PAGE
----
Start, or Respond with Meaningful Replies
— not Selfish Replies
Part 2 of 3
A sales email is an excellent way to grow a sales relationship. The trick is, there is an effective email that starts a conversation, or keeps a conversation going. Let’s start with the subtle sales email replies that do not work.
Hubspot, an online marketing service, provides there wisdom on how not to write a sales email:
Speak with Your Contact
(Don’t Just Send Email)
A sales email is only a tool nestle among phone conversations and in-person meetings. Recently, I attended a seminar, “Converting Conversations to Sales,” and the techniques could be applied universally to a technical sale, or a retail sale.
Diana Simich of Training for Growth [ http://trainingforgrowth.com.au/sales-training/ ] taught the simple art of sales emails, telephone, and in-person conversations.
I wondered why the most-on-target copy generated inbound calls, but the calls weren’t converting to sales. Here are a few of Diana’s tips without spoiling her whole presentation:
What to Expect When Writing to Potential Customers
- Typically need 5 to 8 contacts before they are ready to discuss contracts, products, or services
- Want to know that you notice, and know their business – so compliment, or comment on industry articles, or seminars they have been mentioned in, or share valuable links to novel information your contact can use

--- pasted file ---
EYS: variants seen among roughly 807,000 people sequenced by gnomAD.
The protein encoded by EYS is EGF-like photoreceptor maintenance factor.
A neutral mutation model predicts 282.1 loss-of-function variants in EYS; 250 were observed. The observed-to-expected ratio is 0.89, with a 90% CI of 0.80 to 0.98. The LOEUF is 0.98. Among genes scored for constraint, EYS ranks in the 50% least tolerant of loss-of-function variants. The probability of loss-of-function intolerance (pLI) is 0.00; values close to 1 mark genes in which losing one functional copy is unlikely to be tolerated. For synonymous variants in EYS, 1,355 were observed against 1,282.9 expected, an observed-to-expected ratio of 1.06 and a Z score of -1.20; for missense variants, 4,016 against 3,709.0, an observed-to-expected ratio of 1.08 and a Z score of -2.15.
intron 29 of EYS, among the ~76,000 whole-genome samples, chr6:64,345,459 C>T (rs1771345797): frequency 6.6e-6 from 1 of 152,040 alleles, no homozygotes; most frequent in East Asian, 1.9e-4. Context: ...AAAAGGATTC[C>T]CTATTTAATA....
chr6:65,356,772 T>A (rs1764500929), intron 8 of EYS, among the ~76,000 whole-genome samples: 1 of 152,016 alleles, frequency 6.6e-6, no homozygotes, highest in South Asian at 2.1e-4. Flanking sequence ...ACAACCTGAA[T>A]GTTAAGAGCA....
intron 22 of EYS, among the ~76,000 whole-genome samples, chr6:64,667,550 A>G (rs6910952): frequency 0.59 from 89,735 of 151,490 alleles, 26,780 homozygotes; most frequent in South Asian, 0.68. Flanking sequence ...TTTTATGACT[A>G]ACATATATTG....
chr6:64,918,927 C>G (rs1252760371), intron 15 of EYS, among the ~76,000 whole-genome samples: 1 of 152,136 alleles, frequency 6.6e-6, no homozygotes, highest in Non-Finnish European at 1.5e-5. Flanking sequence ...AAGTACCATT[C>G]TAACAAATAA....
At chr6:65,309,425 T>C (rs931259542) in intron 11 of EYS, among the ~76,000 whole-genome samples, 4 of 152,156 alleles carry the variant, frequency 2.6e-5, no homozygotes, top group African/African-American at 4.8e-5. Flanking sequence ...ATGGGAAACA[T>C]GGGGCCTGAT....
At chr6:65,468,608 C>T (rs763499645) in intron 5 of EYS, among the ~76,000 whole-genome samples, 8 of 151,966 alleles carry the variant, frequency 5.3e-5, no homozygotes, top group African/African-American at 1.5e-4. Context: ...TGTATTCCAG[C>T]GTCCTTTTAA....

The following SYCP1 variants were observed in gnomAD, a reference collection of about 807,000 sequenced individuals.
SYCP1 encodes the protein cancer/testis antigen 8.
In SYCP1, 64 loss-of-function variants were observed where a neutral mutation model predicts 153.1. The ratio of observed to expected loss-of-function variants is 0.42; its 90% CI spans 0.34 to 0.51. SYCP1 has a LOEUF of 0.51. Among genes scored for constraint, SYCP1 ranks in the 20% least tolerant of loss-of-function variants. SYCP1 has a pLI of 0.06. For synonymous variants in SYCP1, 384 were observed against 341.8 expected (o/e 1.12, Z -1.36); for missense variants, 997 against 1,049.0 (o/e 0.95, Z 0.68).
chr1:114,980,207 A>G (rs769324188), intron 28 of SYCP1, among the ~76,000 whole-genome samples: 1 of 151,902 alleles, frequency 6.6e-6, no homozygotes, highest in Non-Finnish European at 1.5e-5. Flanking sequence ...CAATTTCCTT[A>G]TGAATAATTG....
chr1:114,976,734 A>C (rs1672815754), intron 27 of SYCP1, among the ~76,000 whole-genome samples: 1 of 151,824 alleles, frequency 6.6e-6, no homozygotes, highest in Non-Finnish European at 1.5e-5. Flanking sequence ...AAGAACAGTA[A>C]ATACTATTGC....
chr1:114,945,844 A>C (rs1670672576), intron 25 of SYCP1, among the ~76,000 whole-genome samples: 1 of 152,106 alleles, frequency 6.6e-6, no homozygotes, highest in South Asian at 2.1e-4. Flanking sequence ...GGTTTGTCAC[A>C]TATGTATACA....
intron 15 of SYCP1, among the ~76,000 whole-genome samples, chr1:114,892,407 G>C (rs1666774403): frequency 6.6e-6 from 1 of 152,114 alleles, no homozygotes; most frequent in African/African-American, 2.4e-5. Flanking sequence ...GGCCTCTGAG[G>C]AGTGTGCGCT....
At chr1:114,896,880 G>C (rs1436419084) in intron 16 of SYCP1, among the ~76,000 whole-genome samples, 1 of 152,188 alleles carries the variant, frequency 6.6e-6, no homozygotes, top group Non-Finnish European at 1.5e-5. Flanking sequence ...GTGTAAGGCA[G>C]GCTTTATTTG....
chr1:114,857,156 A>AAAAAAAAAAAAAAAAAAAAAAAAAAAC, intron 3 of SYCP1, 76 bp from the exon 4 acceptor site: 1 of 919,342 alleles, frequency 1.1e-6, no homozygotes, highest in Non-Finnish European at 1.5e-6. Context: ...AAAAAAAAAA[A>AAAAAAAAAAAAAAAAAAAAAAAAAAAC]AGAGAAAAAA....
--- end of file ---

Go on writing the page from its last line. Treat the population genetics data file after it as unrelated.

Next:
- Build more trust of your people, and are more open to your product or service when the meeting is not about buying — for example you meet up at an industry expo to catch an important presentation, or you enjoy a community sport together
- You share a truly valuable introduction, or networking connection to a person, or service your contact has mentioned (but you don’t offer too many unsolicited leads)
Like a Race Car! Email Should be Small and Fast
My interpretation of Diana’s training — sales emails should be like a race car. You might think that sending a long email about your product, or experience makes you look classy. Your lead might see you differently.
OK, you are still classy, but your message should be small, fast, and modern. The message should be competitive, and fun to read. Make sure your recipient recognises what team you are racing for (have a professional email address, and simple subject). Don’t be selfish, long, and hide behind an old-school email address. Rally around your sponsor – your brand, or message, but don’t smoke your tires over what you are selling.
People receiving sales need a pit stop as much as you do. Don’t be selfish about their time. Make sure you give a break for a holiday or weekend. Your reader should feel like they want to cheer you on when they receive your message. And, like a race, you will need to do 5 to 8 laps around the track with your sales lead. Those laps should include giving generously, and quickly.
Give what your contact wants – a connection, a quick tip, or an update on an event. Winning the sales race is done by driving a good sales relationship.
Want to take a warm-up lap? Diana offers free seminars in Perth. Diana 1300 024 346 for the sales seminar next date.
- Diana Simich, Training for Growth
[ http://trainingforgrowth.com.au/sales-training/ ]
- ThunderMail InfoGraphic highlighting the basic must-haves in email marketing
[ http://www.thundermailer.com/why-email-marketing-infographic/ ]
- Part 1 of 2 (Managing the) Spam Email, Junk Mail, and Real Email
by Shauna McGee Kinney